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Wisconsin not only the "Dairy State" but also the "Cranberry State"

Posted by Greg Bussler, Wisconsin State Statistician, National Agricultural Statistics Service in Conservation
Feb 21, 2017
Ripe berries on the vine ready to be picked at Mayflower Cranberries in Plympton, Mass.
Ripe berries on the vine ready to be picked at Mayflower Cranberries in Plympton, Mass. Photo by Jeff LaFleur of Mayflower Cranberries used with permission.

Most have probably heard Wisconsin’s famous moniker “The America’s Dairyland.” This nickname is definitely befitting considering our long history with milk production. But, while our milk, cheeses, and other dairy products are available year-round, the fall season brings attention to a completely different commodity. I’m talking about cranberries.

Alongside pumpkins, apples, and pears, cranberries are a staple of American cuisine during the fall months. But did you know that most cranberries in the United States come from Wisconsin? Our growers produce 60 percent of the cranberries in the United States?  Last year alone, more than 5 million barrels of cranberries came from Wisconsin. One barrel weighs 100 pounds, which means our growers produced more than 250,000 tons of this amazing fruit.

Despite our generous crops of apples and pears, the cranberry is the number one fruit crop in Wisconsin in both size and economic value. And while the number of farms may seem low – according to the 2012 Census of Agriculture, there are 241 cranberry farms in our state – these farms cover 20,641 acres across 20 of Wisconsin counties. The crop is typically harvested in late September through October, so our cranberry growers are working hard as we speak to make sure cranberries are available to everyone across the United States and abroad.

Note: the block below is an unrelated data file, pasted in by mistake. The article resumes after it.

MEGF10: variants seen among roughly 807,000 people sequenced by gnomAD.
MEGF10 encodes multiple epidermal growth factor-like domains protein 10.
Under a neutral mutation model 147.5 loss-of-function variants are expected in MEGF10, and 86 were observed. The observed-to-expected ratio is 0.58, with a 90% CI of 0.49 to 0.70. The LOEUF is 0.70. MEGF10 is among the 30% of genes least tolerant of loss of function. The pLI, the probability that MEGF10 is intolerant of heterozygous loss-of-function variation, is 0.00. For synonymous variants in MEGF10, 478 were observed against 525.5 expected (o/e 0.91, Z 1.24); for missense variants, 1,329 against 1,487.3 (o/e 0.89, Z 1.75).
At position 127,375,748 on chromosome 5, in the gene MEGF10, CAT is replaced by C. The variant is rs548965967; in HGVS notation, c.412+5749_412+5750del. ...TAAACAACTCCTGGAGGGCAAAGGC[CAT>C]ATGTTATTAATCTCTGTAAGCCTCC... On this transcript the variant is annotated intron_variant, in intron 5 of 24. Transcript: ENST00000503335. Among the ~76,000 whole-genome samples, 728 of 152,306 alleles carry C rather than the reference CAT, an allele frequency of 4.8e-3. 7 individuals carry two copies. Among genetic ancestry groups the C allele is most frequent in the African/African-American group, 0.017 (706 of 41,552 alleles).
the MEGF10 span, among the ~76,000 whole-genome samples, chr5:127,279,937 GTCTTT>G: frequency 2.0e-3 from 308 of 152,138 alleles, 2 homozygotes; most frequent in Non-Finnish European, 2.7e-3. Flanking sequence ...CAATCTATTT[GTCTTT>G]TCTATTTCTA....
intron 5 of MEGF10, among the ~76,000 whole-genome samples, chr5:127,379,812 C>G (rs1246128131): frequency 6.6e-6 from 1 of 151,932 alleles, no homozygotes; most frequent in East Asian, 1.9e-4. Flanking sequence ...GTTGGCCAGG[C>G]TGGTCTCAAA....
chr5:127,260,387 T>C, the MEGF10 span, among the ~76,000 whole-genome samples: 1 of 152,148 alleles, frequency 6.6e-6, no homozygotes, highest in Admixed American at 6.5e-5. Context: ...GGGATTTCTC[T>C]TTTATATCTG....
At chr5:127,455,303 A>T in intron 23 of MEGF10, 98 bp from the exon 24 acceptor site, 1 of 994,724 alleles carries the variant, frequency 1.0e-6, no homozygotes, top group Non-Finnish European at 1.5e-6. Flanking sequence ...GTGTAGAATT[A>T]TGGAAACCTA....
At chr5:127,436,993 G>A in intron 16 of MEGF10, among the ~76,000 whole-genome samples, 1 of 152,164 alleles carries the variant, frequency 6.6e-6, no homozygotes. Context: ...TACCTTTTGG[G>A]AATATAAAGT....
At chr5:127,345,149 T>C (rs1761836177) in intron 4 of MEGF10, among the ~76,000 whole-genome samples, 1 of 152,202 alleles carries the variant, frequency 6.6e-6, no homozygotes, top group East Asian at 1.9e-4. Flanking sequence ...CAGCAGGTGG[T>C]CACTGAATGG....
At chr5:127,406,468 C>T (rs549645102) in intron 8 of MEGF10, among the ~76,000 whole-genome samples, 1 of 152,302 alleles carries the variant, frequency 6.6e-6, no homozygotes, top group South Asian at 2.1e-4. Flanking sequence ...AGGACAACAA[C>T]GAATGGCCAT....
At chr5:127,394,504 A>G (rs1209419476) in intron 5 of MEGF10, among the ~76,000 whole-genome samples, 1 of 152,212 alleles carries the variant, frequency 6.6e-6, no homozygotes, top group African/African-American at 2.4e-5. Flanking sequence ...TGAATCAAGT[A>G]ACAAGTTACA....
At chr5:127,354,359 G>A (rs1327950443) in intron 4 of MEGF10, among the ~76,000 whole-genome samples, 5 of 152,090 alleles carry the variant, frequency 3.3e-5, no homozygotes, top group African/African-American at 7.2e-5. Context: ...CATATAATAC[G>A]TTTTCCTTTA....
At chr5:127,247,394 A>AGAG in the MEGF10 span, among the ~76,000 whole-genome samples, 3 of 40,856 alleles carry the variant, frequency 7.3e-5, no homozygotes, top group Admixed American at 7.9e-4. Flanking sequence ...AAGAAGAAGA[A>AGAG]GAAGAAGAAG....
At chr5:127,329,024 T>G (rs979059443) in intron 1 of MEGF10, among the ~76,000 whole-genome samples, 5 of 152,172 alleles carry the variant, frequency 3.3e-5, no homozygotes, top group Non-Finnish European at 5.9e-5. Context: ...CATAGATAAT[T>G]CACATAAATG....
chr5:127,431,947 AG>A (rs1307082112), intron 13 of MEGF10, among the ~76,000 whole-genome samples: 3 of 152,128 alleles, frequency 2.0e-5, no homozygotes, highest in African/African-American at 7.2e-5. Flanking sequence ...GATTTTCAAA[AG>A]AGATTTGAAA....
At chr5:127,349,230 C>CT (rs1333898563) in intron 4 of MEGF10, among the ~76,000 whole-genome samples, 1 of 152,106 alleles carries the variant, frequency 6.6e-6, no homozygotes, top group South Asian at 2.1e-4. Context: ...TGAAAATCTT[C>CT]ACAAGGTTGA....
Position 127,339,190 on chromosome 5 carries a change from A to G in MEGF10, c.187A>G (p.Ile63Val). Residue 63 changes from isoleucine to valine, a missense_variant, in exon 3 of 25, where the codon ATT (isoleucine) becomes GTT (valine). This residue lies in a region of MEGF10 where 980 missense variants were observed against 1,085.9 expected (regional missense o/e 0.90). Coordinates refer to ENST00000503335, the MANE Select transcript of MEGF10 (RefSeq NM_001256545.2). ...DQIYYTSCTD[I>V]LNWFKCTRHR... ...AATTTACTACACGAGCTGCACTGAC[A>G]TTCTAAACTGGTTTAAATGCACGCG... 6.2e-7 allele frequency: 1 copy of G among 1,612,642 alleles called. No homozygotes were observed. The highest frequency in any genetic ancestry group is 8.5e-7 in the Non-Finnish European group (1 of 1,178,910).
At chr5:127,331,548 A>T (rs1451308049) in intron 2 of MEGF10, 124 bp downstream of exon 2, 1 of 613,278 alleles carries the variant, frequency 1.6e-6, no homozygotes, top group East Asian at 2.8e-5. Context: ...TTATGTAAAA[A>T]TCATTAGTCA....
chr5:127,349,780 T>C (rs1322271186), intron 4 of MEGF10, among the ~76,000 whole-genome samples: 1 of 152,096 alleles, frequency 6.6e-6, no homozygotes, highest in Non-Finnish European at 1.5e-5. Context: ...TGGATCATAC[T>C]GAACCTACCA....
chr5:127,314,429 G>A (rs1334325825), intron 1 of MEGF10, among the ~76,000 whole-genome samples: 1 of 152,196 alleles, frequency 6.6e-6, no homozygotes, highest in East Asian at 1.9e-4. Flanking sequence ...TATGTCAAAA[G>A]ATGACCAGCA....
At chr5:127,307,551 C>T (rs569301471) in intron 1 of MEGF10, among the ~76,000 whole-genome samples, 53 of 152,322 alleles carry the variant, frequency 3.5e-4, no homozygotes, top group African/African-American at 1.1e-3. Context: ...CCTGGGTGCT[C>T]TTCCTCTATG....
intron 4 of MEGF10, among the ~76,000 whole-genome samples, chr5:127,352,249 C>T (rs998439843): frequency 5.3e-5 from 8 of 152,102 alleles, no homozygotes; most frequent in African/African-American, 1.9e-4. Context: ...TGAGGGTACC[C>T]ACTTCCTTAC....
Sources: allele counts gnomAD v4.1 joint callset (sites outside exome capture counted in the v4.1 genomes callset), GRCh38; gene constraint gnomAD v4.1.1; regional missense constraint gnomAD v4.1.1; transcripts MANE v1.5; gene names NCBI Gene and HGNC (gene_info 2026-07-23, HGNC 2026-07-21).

Cranberries are one of three fruits that are native to North America, with the other two being blueberries and concord grapes. The crop is unique in its growing environment as it is grown in sand and peat marshes. The cranberry is a perennial plant that grows on vines and contrary to popular belief it doesn’t grow in water. During harvest, however, the growing area, called a bog, is flooded.  The high water causes the cranberries, which have an air pocket inside, to float to the surface where they can more easily be harvested.

So as we are getting close to the end of our cranberry harvest season, don’t miss your chance to enjoy this fantastic fruit. Not only are they delicious, but they also help you meet daily dietary recommendations for fruit.

Category/Topic: Conservation

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Comments

Teryl Roper
Oct 15, 2015

One of three native North American fruit? Hah! What about persimmons? or native caneberries, or native plums, or crabapples, etc. I've heard this myth so often and it simply has no basis in fact. You could also talk about native strawberries. Our commercial strawberries are crosses of Fragaria virginiana from eastern North America and western South America, with the day neutral trait coming from Utah. This article is in need of a fact check!